We cannot reverse aging completely, but we can slow it down. As long as we are vital, we will not suffer as much. Although aging is natural, sometimes following Tao means more than following the route of least resistance. Why slide into old age, illness, and senility? The way of challenging oneself is also a valid but difficult path. Sometimes Tao chooses the difficult over the easy.

Deng Ming-Dao is the author of 365 Tao, Chronicles of Tao, Everyday Tao, Scholar Warrior, Each Journey Begins With a Single Step, and others.

Deng Ming-Dao


Many people are confused why Taijiquan (and also Xingyiquan and Baguazhang) can be spiritual. Isn’t a martial art for fighting?

Taiji is one of the internal arts (neijia). That means that it works with one’s inner energy (qi), cultivates the mind (yi), and is deeply rooted in philosophy (Taoism and the I Ching). While self-defense is part of its training, its relationship to Taoism means that it focuses on knowing oneself, preserving life, and gaining insight into the deepest questions of this existence.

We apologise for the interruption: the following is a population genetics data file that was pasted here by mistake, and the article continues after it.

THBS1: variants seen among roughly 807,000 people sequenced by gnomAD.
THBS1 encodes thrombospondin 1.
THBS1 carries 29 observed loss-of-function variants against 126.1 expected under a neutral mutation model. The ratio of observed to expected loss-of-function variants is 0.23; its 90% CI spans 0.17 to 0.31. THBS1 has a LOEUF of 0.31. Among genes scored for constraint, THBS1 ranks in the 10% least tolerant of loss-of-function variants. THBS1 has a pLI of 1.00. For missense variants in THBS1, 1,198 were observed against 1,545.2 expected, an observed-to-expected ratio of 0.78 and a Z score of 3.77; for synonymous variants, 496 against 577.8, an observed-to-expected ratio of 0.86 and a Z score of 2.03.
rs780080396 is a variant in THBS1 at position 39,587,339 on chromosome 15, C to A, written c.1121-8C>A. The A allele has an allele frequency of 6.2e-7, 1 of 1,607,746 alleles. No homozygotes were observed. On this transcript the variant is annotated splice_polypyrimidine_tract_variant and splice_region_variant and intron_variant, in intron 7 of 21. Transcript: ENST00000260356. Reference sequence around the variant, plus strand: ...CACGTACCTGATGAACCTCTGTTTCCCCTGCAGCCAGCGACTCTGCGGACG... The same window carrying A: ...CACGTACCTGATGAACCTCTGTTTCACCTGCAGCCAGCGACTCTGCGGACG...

Taiji is a continuum. It takes you away from conflict and gives you a sequence of exercises to teach moving meditation and preservation through yielding.

Taiji is internal. And by looking within, you can know all under heaven.

My Teacher's newest book . . .


I just received the advance shipment of my latest book: “The Way of Heart & Beauty.”

It’s a collection of passages drawn from the Three Teachings (Confucianism, Taoism, and Buddhism), and they each center on either the word “heart” or “beauty.”

In Chinese, the word xin-心means both mind and heart. Most translations render xin as mind. While that’s valid, it inadvertently excludes emotion, intuition, and the whole person. So I wondered: what if we instead used the word heart? In English, it can give us an entirely different understanding.